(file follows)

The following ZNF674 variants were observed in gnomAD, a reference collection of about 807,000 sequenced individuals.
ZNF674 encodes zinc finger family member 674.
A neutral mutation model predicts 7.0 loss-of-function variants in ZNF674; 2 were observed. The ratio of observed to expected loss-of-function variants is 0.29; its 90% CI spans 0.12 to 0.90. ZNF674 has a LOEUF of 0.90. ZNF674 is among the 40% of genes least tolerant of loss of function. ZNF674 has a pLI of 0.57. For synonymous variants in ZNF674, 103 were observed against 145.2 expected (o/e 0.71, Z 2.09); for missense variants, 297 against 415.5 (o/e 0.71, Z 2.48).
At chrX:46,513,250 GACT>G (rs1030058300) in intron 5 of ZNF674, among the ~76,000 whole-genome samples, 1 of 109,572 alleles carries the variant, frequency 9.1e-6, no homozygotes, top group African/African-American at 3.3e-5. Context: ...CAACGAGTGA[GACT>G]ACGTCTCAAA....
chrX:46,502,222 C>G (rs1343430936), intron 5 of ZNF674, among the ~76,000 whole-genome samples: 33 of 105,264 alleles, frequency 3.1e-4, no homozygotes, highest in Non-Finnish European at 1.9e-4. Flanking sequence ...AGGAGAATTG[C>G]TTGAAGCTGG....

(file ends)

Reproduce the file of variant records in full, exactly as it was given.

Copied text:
The following ZNF674 variants were observed in gnomAD, a reference collection of about 807,000 sequenced individuals.
ZNF674 encodes zinc finger family member 674.
A neutral mutation model predicts 7.0 loss-of-function variants in ZNF674; 2 were observed. The ratio of observed to expected loss-of-function variants is 0.29; its 90% CI spans 0.12 to 0.90. ZNF674 has a LOEUF of 0.90. ZNF674 is among the 40% of genes least tolerant of loss of function. ZNF674 has a pLI of 0.57. For synonymous variants in ZNF674, 103 were observed against 145.2 expected (o/e 0.71, Z 2.09); for missense variants, 297 against 415.5 (o/e 0.71, Z 2.48).
At chrX:46,513,250 GACT>G (rs1030058300) in intron 5 of ZNF674, among the ~76,000 whole-genome samples, 1 of 109,572 alleles carries the variant, frequency 9.1e-6, no homozygotes, top group African/African-American at 3.3e-5. Context: ...CAACGAGTGA[GACT>G]ACGTCTCAAA....
chrX:46,502,222 C>G (rs1343430936), intron 5 of ZNF674, among the ~76,000 whole-genome samples: 33 of 105,264 alleles, frequency 3.1e-4, no homozygotes, highest in Non-Finnish European at 1.9e-4. Flanking sequence ...AGGAGAATTG[C>G]TTGAAGCTGG....